Earth’s Weakening Magnetic Field
There’s a region of our planet that no human being has ever visited. No one has ever seen this place, yet what happens here affects every one of us every day of our lives. It’s 2,000 miles beneath our feet, the Earth’s molten core.
Here a vast ocean of liquid iron generates an invisible force, the Earth’s magnetic field. It’s what makes our compasses point north. But it does a lot more: it helps to keep the Earth a living planet. Our neighbors, Venus and Mars, have only weak magnetic fields, which means they’re unprotected from the deadly radiation sweeping through the solar system. The Earth, on the other hand, exists within a vast magnetic cocoon, a force-field that for billions of years has sheltered us on our journey through space.
Searing heat, crushing pressure, and a billion trillion tons of molten iron: these are the conditions at the center of the earth. It seems there’s a storm brewing deep within the Earth, a storm that is weakening our vital magnetic shield.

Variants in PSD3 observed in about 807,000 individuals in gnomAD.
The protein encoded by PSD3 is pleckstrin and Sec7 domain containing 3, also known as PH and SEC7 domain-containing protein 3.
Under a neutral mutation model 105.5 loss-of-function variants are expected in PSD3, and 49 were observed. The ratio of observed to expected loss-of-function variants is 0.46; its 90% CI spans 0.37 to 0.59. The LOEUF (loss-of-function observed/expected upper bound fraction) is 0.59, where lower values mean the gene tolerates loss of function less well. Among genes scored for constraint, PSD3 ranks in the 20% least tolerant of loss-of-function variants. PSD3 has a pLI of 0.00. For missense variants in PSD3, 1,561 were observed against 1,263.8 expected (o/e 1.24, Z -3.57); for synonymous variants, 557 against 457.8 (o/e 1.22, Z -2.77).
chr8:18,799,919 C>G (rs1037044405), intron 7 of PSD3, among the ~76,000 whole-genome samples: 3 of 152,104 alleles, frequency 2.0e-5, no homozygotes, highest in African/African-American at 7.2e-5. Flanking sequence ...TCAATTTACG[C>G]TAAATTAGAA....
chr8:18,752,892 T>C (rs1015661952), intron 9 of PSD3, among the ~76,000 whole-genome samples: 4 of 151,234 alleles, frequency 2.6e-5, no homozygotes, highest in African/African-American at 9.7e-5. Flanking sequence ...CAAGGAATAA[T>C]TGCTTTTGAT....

The Earth’s magnetic field has been our protector for millennia, and now, it appears, it’s about to go away. The Earth’s magnet field is getting weaker rapidly.
Is our invisible shield about to disappear? The question is not if that’s going to happen, it’s when that’s going to happen.
About half way to the center of the Earth we reach the true heart of the Earth, the Earth’s core, an immense molten sphere of liquid iron, and that’s where the Earth’s magnetic field is generated.